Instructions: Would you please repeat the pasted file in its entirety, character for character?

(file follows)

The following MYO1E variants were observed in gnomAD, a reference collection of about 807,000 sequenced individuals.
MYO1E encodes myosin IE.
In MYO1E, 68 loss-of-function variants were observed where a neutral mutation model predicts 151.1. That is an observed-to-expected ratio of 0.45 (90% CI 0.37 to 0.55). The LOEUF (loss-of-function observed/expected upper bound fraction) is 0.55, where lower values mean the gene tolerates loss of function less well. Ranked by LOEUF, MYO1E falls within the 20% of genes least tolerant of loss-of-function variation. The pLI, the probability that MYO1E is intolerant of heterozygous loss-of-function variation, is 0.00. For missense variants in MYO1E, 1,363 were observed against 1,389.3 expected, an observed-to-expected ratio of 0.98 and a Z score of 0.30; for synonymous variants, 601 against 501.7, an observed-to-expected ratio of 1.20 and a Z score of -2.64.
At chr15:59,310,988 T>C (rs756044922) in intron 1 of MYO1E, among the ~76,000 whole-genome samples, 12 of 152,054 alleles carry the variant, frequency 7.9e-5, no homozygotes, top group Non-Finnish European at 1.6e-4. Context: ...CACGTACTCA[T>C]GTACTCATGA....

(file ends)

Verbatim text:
The following MYO1E variants were observed in gnomAD, a reference collection of about 807,000 sequenced individuals.
MYO1E encodes myosin IE.
In MYO1E, 68 loss-of-function variants were observed where a neutral mutation model predicts 151.1. That is an observed-to-expected ratio of 0.45 (90% CI 0.37 to 0.55). The LOEUF (loss-of-function observed/expected upper bound fraction) is 0.55, where lower values mean the gene tolerates loss of function less well. Ranked by LOEUF, MYO1E falls within the 20% of genes least tolerant of loss-of-function variation. The pLI, the probability that MYO1E is intolerant of heterozygous loss-of-function variation, is 0.00. For missense variants in MYO1E, 1,363 were observed against 1,389.3 expected, an observed-to-expected ratio of 0.98 and a Z score of 0.30; for synonymous variants, 601 against 501.7, an observed-to-expected ratio of 1.20 and a Z score of -2.64.
At chr15:59,310,988 T>C (rs756044922) in intron 1 of MYO1E, among the ~76,000 whole-genome samples, 12 of 152,054 alleles carry the variant, frequency 7.9e-5, no homozygotes, top group Non-Finnish European at 1.6e-4. Context: ...CACGTACTCA[T>C]GTACTCATGA....